Saturday, May 31, 2008

May 31: Chicken With Forty Cloves of Garlic

This morning, Dan and I bought some herb seedlings at Eastern Market on Capitol Hill and have planted them and have them growing on top of a bookcase in our dining room. Our dining room is very bright and sunny, as opposed to our old apartment. It's a perfect place for herbs to grow.

It is silly to be excited about $20 worth of herb seedlings, but I can't tell you how happy all of this makes me. Fresh herbs are one of my favorite things: plucked right off the stem and tossed into a simple green salad, chopped and tossed with hot pasta and butter and parmesan cheese, stirred into a sauce just as it comes off the heat. I can't think of a single application for fresh herbs that I don't think is sheer genius.

We are keeping it simple, just because we're limited on space: chives, thyme, rosemary, and basil. We're also going to put a couple of tomato plants on the deck, and I am pushing for some arugula and a hot pepper plant, because yum, hot peppers.

I have a new job and am going back to work on Monday. I'm quite thrilled about this and I really can't wait, but I have a significantly longer commute than I used to (although the new location is in Dupont Circle and I am really just incredibly excited about the good restaurants and). I have been cooking a lot in preparation for this longer commute: pork barbecue in the slow cooker (not bad, had to use the fattiest pork loin I could find because my supermarket didn't have shoulder, so it's not quite as juicy as I like, but still incredibly tender and delicious), ground turkey taco filling (this is so good, almost better than ground beef), and my mother was here and I took her to the Penzeys Spice outlet in Vienna, Virginia last week, and gave into temptation and bought bratwurst seasoning, mixed it into a mixture of ground beef and ground pork, and made the best burgers I have ever had in my life--they really taste like brats! It's like magic. I highly recommend this stuff. Tomorrow I'm planning on making a mushroom-spinach-chicken stromboli with roasted garlic, and making two so that there'll be an easy dinner one night next week.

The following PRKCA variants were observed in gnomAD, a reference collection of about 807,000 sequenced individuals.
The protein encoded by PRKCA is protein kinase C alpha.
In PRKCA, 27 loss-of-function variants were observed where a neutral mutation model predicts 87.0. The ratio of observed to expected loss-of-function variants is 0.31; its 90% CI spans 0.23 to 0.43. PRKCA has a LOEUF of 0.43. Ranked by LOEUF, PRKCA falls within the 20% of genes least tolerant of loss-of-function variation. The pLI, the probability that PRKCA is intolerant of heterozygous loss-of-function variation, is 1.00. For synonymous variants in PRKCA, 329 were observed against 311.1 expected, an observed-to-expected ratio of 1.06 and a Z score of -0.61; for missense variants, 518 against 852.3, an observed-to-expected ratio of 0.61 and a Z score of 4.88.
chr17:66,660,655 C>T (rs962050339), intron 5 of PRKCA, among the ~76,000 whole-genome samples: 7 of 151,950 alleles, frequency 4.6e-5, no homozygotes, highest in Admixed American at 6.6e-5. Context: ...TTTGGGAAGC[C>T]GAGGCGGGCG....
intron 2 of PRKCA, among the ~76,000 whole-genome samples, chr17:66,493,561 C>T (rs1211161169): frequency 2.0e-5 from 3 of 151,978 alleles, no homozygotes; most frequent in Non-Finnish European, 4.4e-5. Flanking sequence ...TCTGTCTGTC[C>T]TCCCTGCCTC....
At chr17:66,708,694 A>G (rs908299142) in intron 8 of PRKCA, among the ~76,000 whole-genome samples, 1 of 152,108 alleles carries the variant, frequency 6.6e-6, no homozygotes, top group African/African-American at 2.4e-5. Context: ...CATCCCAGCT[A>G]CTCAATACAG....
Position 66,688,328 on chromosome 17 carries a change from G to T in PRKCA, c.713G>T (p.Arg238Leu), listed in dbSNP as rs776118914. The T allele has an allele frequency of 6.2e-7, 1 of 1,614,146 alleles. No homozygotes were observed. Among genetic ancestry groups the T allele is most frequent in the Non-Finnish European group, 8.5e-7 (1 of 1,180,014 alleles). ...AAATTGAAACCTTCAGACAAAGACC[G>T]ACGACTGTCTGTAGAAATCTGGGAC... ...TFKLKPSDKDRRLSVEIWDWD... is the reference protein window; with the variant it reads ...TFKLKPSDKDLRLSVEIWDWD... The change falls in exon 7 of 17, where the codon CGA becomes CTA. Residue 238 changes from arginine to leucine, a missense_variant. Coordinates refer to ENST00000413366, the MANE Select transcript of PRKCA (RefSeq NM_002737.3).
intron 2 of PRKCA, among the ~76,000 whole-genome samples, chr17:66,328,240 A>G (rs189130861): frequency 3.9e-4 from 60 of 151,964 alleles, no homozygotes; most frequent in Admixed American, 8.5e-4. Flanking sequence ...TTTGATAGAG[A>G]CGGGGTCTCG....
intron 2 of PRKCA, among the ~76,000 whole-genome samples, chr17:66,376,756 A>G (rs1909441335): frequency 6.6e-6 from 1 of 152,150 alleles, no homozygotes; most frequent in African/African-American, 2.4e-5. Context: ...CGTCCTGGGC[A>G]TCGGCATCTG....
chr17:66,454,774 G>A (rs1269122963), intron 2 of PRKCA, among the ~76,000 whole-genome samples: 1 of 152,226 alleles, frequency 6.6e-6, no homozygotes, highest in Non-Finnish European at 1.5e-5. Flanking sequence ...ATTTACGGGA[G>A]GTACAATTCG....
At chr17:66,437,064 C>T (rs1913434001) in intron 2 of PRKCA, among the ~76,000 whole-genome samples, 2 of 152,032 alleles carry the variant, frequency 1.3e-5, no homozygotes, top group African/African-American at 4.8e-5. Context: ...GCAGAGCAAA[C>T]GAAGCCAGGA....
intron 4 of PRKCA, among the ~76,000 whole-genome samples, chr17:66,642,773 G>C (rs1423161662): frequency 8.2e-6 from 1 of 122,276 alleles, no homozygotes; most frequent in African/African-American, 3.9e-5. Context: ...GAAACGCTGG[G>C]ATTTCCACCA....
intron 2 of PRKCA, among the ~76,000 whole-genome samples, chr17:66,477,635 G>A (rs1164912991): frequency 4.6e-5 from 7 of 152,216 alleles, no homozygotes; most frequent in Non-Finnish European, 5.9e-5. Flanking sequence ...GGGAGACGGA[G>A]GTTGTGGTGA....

I'm also planning on making this dish from Everyday Food's May issue, and making chicken salad or chicken enchilada filling with the leftovers. This is classic French bistro food, simple, clean, intuitive eating, mostly hands-off. I do plan on brining the chicken before roasting it; I really think that brining is to chicken what vanilla is to cookies. Is that analogy too cerebrally foodie? I hope not. Anyway, it also calls for a few sprigs of fresh thyme. Which I have now! Whoo-hoo!

40 cloves of garlic sounds ridiculous, I know. Do it, you won't regret it. The heat mellows the garlic to this sweet, toasty gorgeousness. Take half the garlic and mash them into some potatoes with lots of butter and whole milk, and save the other half in an air-tight container in the refrigerator, toss it with sauteed shrimp and pasta or into risotto or mash it and spread it on pizza under the sauce and toppings and cheese. You're welcome.

Chicken With Forty Cloves of Garlic

40 cloves of peeled garlic from 3 or 4 heads
1 whole chicken (3 1/2 to 4 pounds), rinsed, patted dry, giblets removed
2 tablespoons butter, room temperature
Coarse salt and ground pepper
6 sprigs fresh thyme

Preheat oven to 475.

Place chicken in a large oven-proof skillet or roasting pan. Rub all over with 1 tablespoon butter; season with salt and pepper. Add thyme, garlic, and remaining butter to skillet.

Roast, basting occasionally with juices and stirring garlic, until instant-read thermometer inserted into meaty part of thigh (avoiding bone) reads 165, 45-60 minutes. Remove from oven, rest for 10 minutes. Carve and serve with pan juices.

2 comments:

ntsc The Art of The Pig said...

Take a garlic clove and spread it on a good piece of baguette.

Neen said...

Did you get that recipe out of the New York Times of that French Bistro book (sorry, my copy is packed in a box and the title is being elusive)? We tried it, adored it, and bought her cookbook immediately after dinner because of it!
I absolutely understand your glee about seedlings. Do has found us a lovely apartment out in California (though he still hasn't sent me photos!), and the first thing I plan to do upon arrival is to buy me some potted herbs (July is a little late for seedlings I would imagine, but then again, what do I know?). All this to say, awesome. I'm coveting your seedlings.
And I hope your Dupont Circle job is turning out well! Oh man, I would spend so much money if I worked a stone's throw from Kramer's books! Of course, it make make you less excited about going to the Dupont Farmer's Market on Sundays. It would almost be like going to work.